Urgent Request: To design and implement a training and qualification program.
Problem: The client could not defend the effectiveness of their training “program” during an extensive FDA inspection.
During the inspection, Inspectors observed multiple departures from SOPs routinely. When they inquired about the training, training records were produced. The Inspectors then asked, “How do you know your training was effective”? They had witnessed firsthand the performance gap between the set of written instructions and the signed training records. What then did the operators sign for, the reading of the SOP or that I’m trained to do the task as written?
- The client wanted to create a training department whose primary responsibility was to centralize training records and manage a training database.
- They also wanted an “effective” training system. (They didn’t know what that looked like.)
HPI Method in Use – Gap Analysis and Workplace Analysis:
A high-level policy document was generated containing a description of the 6 key quality system elements of an effective training system (GMP Training, Planned OJT for Procedures, Use of Qualified Trainers, Employee Qualification Process, Training Documentation Process, and Training Effectiveness Measures). For each of the 6 elements, “how-to” process maps and procedures were created.
Biggest Challenges – What Was Not Working as Expected:
- The transition from decentralized control to centralized record-keeping and complying with standardized training procedures developed outside their “local” departments created separation anxiety for their training records and control fears over assigning training requirements.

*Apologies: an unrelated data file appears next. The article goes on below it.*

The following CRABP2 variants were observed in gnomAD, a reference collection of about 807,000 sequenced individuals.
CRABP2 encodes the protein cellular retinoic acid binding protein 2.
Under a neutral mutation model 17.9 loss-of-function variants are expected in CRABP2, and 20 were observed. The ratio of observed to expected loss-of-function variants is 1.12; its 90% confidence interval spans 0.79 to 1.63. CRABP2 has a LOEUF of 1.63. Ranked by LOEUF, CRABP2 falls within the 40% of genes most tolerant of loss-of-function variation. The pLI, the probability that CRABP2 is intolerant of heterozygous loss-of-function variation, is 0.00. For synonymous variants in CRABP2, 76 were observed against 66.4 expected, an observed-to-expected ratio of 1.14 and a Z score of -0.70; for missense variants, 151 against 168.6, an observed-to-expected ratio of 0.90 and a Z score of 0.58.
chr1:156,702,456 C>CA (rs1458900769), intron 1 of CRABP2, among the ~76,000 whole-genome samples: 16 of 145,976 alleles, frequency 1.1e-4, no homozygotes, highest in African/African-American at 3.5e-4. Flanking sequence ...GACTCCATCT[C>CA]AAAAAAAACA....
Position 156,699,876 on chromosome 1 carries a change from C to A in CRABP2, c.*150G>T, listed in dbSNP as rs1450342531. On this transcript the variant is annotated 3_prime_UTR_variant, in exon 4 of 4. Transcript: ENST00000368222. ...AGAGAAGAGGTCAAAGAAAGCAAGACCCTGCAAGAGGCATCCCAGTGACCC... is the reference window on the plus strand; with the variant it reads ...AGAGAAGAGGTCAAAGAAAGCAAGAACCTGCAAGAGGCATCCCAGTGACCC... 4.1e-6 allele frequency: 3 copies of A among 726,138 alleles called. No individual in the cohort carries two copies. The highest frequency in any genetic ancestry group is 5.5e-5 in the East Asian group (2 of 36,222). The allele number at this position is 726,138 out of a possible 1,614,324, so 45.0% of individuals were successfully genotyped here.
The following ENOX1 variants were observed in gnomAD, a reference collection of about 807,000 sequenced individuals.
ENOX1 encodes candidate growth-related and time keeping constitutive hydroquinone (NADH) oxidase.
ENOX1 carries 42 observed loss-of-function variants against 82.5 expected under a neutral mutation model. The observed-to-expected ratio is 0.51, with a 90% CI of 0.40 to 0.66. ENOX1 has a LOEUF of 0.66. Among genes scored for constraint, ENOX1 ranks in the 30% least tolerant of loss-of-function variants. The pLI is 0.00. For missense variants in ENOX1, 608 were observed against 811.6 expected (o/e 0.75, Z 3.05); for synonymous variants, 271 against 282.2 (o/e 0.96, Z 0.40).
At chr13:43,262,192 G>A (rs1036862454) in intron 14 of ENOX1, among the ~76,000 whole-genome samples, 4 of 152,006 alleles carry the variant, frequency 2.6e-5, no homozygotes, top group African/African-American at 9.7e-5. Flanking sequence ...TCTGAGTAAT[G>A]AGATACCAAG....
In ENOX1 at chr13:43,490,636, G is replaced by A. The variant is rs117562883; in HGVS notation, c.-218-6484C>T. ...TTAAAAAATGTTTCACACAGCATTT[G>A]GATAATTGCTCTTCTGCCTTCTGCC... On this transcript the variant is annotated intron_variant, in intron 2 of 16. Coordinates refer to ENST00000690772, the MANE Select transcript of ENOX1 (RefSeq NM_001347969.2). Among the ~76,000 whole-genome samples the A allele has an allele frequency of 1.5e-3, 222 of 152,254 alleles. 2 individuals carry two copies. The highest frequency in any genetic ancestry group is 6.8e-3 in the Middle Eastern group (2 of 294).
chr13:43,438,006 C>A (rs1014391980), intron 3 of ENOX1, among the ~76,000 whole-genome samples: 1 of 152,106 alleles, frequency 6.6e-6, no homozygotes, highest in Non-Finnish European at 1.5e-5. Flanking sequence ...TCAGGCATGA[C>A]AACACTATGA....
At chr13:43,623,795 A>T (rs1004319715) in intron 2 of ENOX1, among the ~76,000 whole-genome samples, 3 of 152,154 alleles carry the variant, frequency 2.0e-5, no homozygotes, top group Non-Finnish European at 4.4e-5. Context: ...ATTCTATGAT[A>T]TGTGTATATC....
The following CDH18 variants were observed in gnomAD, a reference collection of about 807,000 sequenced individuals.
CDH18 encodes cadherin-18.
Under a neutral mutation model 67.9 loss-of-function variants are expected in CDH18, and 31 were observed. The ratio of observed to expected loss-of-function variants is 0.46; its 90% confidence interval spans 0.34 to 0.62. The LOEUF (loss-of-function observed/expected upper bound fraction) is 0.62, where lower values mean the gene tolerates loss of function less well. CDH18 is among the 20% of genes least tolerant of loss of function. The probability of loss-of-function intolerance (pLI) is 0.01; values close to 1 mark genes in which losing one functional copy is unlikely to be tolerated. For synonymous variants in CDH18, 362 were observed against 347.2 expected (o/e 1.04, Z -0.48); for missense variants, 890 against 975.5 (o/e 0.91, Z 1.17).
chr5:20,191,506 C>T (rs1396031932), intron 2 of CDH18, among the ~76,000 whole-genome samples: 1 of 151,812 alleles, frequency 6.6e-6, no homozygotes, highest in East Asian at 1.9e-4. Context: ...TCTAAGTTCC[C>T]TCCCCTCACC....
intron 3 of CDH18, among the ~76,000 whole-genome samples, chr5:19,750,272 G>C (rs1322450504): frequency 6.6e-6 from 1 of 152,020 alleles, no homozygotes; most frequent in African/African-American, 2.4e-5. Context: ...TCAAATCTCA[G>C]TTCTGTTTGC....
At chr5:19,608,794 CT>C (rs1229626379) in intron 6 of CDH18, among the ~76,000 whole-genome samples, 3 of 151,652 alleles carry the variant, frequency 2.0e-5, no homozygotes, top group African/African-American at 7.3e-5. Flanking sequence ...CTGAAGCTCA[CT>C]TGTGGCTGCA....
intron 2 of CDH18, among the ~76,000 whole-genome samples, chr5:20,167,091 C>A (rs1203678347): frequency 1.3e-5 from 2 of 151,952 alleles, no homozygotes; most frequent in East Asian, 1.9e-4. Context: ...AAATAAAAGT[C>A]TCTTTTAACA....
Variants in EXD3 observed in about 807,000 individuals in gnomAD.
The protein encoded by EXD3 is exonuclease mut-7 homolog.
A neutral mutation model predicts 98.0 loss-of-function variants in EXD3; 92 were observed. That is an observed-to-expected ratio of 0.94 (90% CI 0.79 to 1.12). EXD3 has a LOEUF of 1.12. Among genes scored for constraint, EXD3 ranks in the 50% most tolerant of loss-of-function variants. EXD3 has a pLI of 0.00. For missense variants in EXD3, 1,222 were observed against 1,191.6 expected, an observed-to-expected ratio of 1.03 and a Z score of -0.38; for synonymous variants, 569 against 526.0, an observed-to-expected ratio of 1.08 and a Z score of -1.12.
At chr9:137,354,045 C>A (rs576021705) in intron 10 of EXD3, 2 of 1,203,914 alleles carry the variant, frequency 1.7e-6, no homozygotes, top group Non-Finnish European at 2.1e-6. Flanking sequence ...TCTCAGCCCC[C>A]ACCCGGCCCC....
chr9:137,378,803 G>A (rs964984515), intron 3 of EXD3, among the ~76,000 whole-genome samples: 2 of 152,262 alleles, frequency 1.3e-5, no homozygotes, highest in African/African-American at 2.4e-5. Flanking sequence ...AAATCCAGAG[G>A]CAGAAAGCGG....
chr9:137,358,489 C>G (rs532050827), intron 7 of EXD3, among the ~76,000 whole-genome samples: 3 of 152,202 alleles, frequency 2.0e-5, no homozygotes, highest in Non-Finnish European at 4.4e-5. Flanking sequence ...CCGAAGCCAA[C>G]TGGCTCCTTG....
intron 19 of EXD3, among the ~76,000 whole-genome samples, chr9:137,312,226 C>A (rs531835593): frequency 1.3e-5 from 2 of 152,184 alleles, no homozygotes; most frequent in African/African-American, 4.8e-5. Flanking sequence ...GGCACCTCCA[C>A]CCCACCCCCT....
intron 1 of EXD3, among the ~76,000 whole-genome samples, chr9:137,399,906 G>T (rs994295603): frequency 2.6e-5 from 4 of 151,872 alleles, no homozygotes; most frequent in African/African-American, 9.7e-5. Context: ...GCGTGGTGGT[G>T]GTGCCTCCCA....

- Acceptance that “old-timers” could not be grandfathered into qualification. They, too, had to demonstrate their ability to perform the current procedure. There was no backing down from this expectation.
- A false belief that as long as you “signed for an SOP”, that was adequate training documentation.
- Challenging the knowledge, skill and acquired experience of old-timers was taboo; it was easier to “give him a pass”.
- The only process that was formally captured via SOP was how to assemble and complete employee training binders and every department had its own version of that original SOP.
HPI Solution – End Results:
Of the six categories for Human Performance Improvement Solutions, the solution best matched from the causes was to improve the structure and process for an Effective Training Quality System.
- Client achieved “Acceptable GMP Status” and was able to launch new products again.
- Within 2 years, all operations employees were qualified (via documented checklists) by Qualified Trainers.
- Training curricula were right sized and reviewed/signed for on a quarterly basis to keep up with SOP revisions.
- Two internal promotions for Qualified Trainers:
- One became a full time trainer in the Training Department
- One become a first line supervisor
- FDA stopped asking to see training history records, when everyone could answer their question – “how do you qualify someone”? It didn’t matter who they asked, everyone responded consistently.
- Training program adopted into QA Inspection, Analytical Lab, Maintenance, Validation, and then to other company sites after they were acquired.
Lessons Learned by Management
The company was not keeping up with regulatory trends and industry practices regarding FDA expectations for OJT of SOPs. They lacked a dedicated training manager who was part of industry training groups and could implement newer trends.
“Vivian, you indeed changed our training culture”, VP of Quality.
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Who is Vivian Bringslimark, the Author?
So You Want a Robust Training System? But are you really ready for what you want?
(c) HPIS Consulting, Inc.